The nation's cowherd is at an all-time low according to the latest reports. How has this impacted supply and demand? What is the outlook for cattle producers?
A recent U. S. Department of Agriculture report revealed the smallest cattle inventory in the last 50 years, said Darrell Mark, extension livestock marketing specialist.
Beef cow slaughter has been high for the last several years and that, combined with lower heifer retention in the last year or two has led to a contracting cattle cycle that's well into the second year of liquidations, Mark said.
The longest cattle cycle in history ended a few years ago, followed by a couple years of moderate growth and now we've seen an accelerating decline in cattle numbers again. Overall numbers present a fairly bullish picture, he said.
Mark expects 2009 through 2012 to be good for beef producers on the supply side, but he sees short run demand issues that will remain challenging.
A world-wide recession has affected both domestic and international demand, he said. On the international side, in addition to lower demand is a credit crunch that makes it difficult for importers to get the cash they need to make purchases. In addition, the dollar has rallied significantly compared to all other currency but the Japanese yen.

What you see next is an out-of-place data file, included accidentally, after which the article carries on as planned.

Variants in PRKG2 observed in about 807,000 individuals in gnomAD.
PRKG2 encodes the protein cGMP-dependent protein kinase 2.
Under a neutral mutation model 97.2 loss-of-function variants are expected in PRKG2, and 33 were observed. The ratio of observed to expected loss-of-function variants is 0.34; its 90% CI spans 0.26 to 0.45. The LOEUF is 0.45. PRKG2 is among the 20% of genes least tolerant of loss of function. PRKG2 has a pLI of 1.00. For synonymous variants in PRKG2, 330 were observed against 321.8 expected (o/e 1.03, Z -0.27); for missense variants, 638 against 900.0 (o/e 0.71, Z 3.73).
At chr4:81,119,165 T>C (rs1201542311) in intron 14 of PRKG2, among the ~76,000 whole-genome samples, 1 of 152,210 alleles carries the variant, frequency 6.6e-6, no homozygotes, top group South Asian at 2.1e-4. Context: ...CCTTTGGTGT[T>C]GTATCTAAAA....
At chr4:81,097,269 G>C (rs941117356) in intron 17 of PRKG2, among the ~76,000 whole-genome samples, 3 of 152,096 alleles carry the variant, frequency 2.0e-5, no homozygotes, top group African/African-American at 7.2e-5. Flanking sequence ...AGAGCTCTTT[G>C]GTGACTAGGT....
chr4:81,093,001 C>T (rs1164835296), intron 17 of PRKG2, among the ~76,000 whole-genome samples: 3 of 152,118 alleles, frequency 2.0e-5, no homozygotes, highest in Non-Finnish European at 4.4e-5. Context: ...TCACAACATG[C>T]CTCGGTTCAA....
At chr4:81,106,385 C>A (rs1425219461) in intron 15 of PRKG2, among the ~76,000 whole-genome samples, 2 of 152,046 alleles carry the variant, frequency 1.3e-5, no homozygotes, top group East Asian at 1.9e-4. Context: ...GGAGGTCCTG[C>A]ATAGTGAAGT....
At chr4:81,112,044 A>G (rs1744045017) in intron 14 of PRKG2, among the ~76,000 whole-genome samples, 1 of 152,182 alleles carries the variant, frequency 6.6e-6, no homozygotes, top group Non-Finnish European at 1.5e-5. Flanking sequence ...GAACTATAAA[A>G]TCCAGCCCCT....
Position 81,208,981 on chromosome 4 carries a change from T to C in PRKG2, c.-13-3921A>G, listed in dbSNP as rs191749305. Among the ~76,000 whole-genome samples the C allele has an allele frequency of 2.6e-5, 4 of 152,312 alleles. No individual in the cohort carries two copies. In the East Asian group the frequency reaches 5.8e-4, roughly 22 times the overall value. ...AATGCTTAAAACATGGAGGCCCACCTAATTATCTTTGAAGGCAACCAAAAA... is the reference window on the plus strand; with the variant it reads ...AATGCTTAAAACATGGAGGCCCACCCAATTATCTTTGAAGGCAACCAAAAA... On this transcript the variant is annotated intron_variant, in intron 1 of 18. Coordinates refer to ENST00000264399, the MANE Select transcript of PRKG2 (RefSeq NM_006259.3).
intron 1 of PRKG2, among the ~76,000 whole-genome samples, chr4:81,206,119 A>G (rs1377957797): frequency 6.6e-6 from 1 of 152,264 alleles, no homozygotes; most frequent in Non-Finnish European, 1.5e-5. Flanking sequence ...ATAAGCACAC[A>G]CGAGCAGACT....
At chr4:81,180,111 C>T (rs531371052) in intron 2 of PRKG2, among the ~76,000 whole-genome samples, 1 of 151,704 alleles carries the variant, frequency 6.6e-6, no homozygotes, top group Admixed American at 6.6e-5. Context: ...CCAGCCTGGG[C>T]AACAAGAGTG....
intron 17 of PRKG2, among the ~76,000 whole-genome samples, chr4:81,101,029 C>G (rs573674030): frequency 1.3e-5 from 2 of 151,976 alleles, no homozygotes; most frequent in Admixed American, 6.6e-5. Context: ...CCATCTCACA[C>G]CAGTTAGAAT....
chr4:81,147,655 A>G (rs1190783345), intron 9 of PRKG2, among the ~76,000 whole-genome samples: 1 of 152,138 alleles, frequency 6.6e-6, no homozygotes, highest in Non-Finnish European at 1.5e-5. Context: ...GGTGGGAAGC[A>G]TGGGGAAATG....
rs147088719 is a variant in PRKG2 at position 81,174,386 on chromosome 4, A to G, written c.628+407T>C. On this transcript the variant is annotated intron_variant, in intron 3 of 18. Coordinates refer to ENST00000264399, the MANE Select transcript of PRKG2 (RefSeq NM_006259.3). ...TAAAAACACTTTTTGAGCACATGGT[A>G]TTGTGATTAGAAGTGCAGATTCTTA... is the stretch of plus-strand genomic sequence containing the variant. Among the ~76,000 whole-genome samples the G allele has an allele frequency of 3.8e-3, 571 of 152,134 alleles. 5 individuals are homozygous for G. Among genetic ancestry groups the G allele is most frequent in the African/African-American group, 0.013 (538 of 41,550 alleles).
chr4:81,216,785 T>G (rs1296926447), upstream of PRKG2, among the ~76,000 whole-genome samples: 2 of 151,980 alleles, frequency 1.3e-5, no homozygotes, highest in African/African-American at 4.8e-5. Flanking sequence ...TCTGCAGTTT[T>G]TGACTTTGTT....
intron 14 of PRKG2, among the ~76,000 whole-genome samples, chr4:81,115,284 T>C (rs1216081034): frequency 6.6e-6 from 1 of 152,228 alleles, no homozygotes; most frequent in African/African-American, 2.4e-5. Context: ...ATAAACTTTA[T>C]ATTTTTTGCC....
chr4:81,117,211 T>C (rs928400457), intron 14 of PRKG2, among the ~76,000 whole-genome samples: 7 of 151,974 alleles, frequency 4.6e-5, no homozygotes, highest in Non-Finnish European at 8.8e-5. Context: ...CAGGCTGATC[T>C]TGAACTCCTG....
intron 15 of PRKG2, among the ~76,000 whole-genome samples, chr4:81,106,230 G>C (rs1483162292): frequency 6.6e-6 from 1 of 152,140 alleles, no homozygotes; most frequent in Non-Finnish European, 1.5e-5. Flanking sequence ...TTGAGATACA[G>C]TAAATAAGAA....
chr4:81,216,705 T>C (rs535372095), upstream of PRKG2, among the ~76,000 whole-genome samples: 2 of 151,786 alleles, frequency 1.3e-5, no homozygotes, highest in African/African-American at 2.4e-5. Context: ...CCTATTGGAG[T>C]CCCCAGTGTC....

"That makes our products more expensive to import and that affects not just beef, but a whole range of by-products," Mark said.
Domestically, beef producers had become dependent upon the hotel, restaurant and institution trade, but there's been a large drop-off in dining out. The fine dining and fast casual restaurants have experienced sales declines. In grocery stores, customers have "traded down" from high end products to less expensive ones.
Per capita consumption of beef was down about 3.8 percent, so people are eating a little less beef, even though prices have remained quite steady - although well above where they were just ten years ago.
"We've grown beef demand, but relative to the high we saw in 2004, we've declined from those numbers," Mark said.
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